Monday, August 3, 2009

Jar Jar Binks is no more!

Finally, a movie has created characters more revoltingly racially tinged than Jar Jar Binks.

Meet Skids and Mudflaps from "Transformers: Revenge of the Fallen". Acting like stereotypes from films of the 30s and 40s, these characters are no better than if Bay had simply hired two guys in blackface.

Sitting through these two was really uncomfortable -- and that's in addition to all the other awfulness of the film.

The capper was that the two Stepin Fetchit characters are also illiterate, further cementing the stereotype.

Asked for comment, Michael Bay stated, "We're just putting more personality in. ... I don't know if it's stereotypes. They are robots by the way."

Please. You don't know if they are stereotypes? And dismissing it with a comment about the characters being robots is the same as George Lucas having dismissed the egregiously racist Jar Jar as being "just an alien".

I wonder what would have happened had Bay used two stereotyped "Jewish" robots with sidelocks, rolling around kvetching about how much things cost while all the time sounding like Jackie Mason.

Saturday, June 6, 2009

Beware Digital IMAX

I was excited to see Star Trek in IMAX, even though the IMAX screen at Easton is one of the downsized "MiniMAX" variety. No big deal, I've seen the DMR presentations of various Harry Potter movies and, most recently, "Dark Knight" there. This latter film actually included scenes that were shot using IMAX cameras, and it was clearly evident when the scene changed from DMR to true IMAX. And anyone who has ever seen any of the science and nature IMAX films knows that they are something very different from a regular film.

For those of you unfamiliar with DMR, it is a proprietary IMAX process in which the 35mm negative is scanned, and then re-created on a 70mm (don't be pedantic about 65/70mm please) horizontal frame. Along the way, each frame is rebuilt to remove 35mm artifacts (grain, etc.), so what ends up being projected is much better than simply doing a 35mm optical blowup. It actually does look great. True IMAX is shot on special IMAX cameras and yields a stunning projected image.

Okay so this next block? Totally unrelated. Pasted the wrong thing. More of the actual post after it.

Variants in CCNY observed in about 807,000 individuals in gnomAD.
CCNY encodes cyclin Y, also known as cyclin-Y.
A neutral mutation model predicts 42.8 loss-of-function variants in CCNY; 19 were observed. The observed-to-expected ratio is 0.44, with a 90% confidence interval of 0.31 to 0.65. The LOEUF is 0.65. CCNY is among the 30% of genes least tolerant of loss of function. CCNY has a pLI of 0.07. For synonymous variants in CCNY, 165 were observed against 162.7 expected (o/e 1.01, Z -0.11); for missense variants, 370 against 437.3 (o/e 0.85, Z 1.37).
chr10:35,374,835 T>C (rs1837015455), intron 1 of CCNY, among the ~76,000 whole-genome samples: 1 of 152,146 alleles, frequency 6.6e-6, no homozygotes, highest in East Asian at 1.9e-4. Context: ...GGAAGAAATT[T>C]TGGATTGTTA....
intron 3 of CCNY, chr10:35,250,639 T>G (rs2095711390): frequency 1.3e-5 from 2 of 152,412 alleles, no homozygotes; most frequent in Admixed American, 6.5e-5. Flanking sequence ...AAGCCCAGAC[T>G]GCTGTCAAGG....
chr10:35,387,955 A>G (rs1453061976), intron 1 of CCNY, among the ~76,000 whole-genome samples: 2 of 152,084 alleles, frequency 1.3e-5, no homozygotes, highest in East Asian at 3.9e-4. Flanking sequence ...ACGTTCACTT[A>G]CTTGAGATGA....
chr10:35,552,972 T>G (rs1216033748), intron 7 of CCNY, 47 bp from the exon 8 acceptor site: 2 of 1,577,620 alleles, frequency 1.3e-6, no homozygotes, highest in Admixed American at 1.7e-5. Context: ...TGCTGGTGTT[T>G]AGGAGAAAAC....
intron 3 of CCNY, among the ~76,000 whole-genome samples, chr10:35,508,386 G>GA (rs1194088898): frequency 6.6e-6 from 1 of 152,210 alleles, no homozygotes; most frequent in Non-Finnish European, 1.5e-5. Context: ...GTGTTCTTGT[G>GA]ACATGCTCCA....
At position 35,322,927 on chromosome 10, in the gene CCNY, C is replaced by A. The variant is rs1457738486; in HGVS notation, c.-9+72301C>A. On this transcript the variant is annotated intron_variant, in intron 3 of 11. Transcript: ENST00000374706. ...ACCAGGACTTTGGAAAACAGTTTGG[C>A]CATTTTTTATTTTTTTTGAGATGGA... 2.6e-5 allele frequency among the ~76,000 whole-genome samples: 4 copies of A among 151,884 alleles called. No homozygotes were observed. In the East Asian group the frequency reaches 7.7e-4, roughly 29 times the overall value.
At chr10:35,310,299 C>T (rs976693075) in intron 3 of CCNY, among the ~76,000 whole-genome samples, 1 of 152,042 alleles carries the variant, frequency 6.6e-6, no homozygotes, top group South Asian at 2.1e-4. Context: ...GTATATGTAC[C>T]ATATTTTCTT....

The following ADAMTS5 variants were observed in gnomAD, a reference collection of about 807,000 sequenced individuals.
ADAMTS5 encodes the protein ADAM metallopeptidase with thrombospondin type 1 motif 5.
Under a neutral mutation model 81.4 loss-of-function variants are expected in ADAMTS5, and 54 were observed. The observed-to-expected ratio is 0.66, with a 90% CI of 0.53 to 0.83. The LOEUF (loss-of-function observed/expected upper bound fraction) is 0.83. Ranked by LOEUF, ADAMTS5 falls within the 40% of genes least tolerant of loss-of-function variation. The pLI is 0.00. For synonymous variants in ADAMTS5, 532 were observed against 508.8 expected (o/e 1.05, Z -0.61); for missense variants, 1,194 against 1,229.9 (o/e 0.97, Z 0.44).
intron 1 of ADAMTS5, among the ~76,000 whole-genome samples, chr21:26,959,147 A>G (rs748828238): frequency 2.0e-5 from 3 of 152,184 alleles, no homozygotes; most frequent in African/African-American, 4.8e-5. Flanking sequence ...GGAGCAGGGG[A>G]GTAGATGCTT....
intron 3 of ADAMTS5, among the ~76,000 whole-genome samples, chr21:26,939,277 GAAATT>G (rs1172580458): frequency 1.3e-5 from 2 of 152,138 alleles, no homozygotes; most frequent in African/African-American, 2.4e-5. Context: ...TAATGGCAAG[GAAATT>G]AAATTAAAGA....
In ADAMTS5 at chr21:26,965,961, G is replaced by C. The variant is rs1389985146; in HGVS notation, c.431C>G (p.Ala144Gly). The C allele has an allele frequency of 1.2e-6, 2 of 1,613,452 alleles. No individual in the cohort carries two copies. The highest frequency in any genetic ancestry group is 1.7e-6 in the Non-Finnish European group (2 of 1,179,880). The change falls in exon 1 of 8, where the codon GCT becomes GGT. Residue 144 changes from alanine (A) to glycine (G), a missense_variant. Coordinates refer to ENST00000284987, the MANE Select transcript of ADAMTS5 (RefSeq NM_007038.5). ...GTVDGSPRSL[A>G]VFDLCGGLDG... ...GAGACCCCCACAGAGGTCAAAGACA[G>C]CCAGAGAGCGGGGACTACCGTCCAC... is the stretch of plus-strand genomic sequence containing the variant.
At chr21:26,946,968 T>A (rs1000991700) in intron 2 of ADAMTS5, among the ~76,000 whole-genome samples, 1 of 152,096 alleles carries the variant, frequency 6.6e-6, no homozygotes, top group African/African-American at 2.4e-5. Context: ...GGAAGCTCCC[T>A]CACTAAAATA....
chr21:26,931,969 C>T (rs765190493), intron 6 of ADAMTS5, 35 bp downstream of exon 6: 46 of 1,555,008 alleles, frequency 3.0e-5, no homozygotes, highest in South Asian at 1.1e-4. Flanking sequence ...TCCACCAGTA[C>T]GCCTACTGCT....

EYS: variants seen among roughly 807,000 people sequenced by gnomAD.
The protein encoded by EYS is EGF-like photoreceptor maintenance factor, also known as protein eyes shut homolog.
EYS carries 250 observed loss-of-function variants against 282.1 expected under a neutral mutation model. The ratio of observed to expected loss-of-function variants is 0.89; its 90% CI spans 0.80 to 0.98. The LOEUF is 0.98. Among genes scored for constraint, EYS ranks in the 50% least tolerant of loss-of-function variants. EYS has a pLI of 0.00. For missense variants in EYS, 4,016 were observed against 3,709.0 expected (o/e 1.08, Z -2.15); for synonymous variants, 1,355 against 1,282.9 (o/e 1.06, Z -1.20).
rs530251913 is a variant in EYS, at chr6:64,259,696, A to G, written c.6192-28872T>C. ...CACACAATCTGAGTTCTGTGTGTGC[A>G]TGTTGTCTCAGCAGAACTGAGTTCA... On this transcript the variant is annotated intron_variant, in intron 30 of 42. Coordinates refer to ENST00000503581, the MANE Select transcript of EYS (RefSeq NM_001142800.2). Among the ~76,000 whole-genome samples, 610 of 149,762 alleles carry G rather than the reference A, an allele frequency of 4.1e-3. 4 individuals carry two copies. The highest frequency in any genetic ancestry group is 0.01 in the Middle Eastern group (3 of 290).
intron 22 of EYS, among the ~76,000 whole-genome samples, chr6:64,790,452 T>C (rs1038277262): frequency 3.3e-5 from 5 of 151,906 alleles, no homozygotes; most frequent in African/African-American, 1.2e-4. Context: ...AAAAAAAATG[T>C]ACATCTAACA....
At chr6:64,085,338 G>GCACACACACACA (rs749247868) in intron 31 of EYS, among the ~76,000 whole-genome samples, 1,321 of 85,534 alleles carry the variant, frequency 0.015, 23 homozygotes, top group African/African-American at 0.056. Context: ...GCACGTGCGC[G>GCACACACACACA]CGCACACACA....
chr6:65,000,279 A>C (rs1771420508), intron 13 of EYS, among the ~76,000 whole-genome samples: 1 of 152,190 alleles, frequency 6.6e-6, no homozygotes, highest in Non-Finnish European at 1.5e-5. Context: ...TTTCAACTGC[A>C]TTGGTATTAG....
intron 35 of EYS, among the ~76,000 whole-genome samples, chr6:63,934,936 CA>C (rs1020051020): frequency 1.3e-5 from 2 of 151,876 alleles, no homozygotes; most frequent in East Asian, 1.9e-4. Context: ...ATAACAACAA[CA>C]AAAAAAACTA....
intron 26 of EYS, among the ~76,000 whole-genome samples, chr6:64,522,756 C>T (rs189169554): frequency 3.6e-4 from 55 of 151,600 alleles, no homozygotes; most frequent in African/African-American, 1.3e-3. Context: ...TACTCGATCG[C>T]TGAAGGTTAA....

So, I and some friends go to Easton to see a DMR Star Trek in IMAX. The trailers, etc., run in digital, which is fine. But then the first sign of trouble enters the frame -- so to speak. The IMAX intro plays and it is clearly being projected digitally. Then the feature starts. As the jagged Federation shield jutters onto the screen, I'm crestfallen. They are projecting the film itself digitally. This was nothing like what IMAX is supposed to be. And don't say it was because I wasn't lucky enough to get a seat all the way in the back row next to the booth. I don't care how far away I sit, I know when something is being projected digitally. To confirm, I just had to turn my head and see two digital cinema projectors going in the booth -- IMAX digital uses two aligned projectors to brighten the image and partially soften the image to try to hide the obvious screen-door effect of digital projection. Had I not been there with Jennifer and a group friends, I would have left and gotten a refund.

After the film, I asked the manager on duty if they had completely removed the IMAX film projector. He said, "yes, we 'upgraded' to digital last week, and it's much better." I noted that it was not better, and that it was not indicated anywhere in their ads, online or otherwise, that this was not true IMAX. At this point, he seemed pretty surprised that the new gewgaw hadn't blown me out of my seat, but he did offer comp tickets -- to another IMAX movie! Before I actually lost my temper, I simply took a deep breath and walked away, sans tickets.

The IMAX corporate overlords seem to have forgotten that the whole basis of IMAX was built around high quality, specialty 70mm film.

So, what I take away from this is that I no longer need to pay a premium for IMAX in Columbus.